BRADENTON -- Three weeks ago, Governor Rick Scott joined county officials at Port Manatee for a groundbreaking ceremony. He praised state/private partnerships as being the economic engine that would drive the state of Florida into a promising future. This week he returns, joining some of the businesses he referenced, to attend the "Enterprise Florida" board meeting. However, a closer look reaveals that there may be trouble in this economic paradise.
This time, the Governor will be on the other side of the Skyway Bridge, and he will be meeting with the members of Enterprise Florida at the Don Cesar in St. Pete Beach on Thursday, September 13. Some of the members are: Florida Blue, Wells Fargo and TD Bank. They will reportedly be confronted by disclosures of conflict of interests and other reports that are not as flattering as the Governor would like.
The Palm Beach Post reported what could be the largest jobs incentive failure in state history, Digital Domain Media Group, which closed its Port St. Lucie animation studio, reportedly at a cost of $20 million to the state.
At stake, is a total of $130 million: $51 million owed to private investors and government incentives that included a $40 million dollar bond at the city of Port St. Lucie's expense, a $2 million investment from the city of West Palm Beach, and the promise of hundreds of high-paying jobs.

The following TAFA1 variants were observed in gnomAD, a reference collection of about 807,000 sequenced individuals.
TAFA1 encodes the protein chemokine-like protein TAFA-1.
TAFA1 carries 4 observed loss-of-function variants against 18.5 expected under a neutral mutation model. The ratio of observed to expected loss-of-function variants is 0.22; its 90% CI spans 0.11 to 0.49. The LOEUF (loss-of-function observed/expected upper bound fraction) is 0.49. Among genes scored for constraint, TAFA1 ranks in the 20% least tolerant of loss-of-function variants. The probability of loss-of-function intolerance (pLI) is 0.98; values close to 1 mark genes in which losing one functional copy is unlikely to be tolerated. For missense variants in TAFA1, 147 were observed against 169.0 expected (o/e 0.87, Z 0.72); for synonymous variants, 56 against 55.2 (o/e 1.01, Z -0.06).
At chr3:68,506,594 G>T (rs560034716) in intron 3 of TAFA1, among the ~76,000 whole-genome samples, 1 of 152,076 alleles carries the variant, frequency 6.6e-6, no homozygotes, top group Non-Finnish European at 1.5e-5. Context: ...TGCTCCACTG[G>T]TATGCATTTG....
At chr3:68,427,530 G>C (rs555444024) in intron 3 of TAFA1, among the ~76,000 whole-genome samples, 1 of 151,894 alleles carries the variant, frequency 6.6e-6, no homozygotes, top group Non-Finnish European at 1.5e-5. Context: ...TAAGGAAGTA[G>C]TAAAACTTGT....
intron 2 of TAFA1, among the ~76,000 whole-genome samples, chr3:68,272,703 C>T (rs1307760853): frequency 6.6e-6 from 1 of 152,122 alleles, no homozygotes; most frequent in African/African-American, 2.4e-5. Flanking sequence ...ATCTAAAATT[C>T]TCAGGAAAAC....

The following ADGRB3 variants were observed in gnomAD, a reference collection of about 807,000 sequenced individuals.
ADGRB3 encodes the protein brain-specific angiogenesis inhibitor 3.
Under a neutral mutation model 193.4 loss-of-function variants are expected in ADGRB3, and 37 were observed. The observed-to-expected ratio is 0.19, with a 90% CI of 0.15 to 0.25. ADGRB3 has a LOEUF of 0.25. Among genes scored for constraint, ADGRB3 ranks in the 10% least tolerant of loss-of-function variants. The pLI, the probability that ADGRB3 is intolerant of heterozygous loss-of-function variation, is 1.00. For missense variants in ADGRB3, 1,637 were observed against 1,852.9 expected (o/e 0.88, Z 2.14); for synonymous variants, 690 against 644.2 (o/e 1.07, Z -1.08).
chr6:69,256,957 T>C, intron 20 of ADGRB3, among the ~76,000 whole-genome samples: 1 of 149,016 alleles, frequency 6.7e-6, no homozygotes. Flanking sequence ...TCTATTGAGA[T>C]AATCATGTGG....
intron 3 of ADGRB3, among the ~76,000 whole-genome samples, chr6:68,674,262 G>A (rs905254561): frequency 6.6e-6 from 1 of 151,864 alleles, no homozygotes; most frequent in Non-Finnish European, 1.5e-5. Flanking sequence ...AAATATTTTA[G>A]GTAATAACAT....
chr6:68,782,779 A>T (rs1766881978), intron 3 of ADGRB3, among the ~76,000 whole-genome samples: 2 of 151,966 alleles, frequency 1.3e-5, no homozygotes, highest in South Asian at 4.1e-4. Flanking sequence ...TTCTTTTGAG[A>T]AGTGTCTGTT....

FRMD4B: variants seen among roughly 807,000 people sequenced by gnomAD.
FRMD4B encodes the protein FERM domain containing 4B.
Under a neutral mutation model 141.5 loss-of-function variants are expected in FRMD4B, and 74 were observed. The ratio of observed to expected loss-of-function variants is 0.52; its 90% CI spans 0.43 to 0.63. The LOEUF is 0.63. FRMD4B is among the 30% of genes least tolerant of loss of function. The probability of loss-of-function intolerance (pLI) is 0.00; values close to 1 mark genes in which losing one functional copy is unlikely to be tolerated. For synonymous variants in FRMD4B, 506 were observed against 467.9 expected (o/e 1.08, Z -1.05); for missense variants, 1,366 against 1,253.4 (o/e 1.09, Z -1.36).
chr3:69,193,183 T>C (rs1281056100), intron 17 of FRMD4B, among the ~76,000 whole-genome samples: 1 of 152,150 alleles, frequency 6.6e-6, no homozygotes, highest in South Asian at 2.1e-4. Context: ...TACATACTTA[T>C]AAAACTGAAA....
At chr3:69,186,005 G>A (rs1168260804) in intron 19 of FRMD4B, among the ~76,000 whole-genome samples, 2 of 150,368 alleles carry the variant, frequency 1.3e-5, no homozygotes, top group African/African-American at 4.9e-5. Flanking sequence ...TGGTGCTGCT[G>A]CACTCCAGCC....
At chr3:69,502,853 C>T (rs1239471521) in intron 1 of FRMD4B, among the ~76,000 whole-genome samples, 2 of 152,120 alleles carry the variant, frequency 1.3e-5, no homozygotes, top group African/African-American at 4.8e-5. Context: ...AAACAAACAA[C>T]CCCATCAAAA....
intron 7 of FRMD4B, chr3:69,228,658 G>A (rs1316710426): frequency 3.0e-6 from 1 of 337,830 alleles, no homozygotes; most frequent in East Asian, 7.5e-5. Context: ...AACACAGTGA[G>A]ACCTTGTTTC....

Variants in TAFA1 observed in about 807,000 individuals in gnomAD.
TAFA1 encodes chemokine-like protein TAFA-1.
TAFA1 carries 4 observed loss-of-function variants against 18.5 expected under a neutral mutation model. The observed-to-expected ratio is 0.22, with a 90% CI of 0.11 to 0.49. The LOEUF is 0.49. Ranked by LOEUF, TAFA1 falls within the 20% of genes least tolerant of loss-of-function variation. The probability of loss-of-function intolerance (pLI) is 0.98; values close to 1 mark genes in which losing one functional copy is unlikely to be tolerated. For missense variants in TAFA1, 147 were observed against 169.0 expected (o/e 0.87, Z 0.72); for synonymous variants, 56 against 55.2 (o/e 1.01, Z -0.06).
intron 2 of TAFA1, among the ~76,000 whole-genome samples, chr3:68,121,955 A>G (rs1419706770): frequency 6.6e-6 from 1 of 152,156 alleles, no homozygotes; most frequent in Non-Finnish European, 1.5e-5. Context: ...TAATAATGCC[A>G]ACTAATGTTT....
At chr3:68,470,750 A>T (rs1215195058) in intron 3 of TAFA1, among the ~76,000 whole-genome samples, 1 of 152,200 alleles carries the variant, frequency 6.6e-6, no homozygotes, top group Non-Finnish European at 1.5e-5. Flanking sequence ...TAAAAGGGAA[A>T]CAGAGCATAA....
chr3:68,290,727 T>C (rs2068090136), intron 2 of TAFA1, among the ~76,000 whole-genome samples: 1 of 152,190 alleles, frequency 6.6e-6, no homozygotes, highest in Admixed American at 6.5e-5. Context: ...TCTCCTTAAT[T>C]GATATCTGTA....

A similar deal happened last year in Sarasota when Sanborn Studios started falling through the cracks. Hundreds of thousands of county incentive dollars and millions of dollars in transferable tax credits are still in question. The deal was to create 117 jobs at an average of $70,000 a year.
Savtira Corp. in Hillsborough was awarded $2.65 million with a promise to create 265 jobs with an average pay of $88,000. The company filed for chapter 11 bankruptcy protection in April. It lost its chance to participate in the Qualified Target Industry Tax Refund program for failing to disclose a prior SEC investigation and was the subject of a probe by the U.S. Department of Labor for not paying workers.
On April 25, 2012, Integrity Florida, released the report -- Corruption Risk Report: Enterprise Florida. It examines Enterprise Florida as the state's economic development organization, and its commitment to public access to information, accountability, performance metrics and transparency. Integrity Florida may be Florida's most reliable source to what the bottom line is, and what that means to the rest of us. In a climate full of cheerleaders, of whose interest it's in to distort our economic reality, it is essential that we have alternative organizations to get accurate reporting.
It will be interesting to find out what else will be on Enterprise Florida's table, in terms of incentive dollars for businesses that promise to create more jobs, how far Governor Rick Scott will go to fulfill his campaign promise of 700,000 new ones, and whether or not the incentive math adds up for Florida taxpayers.
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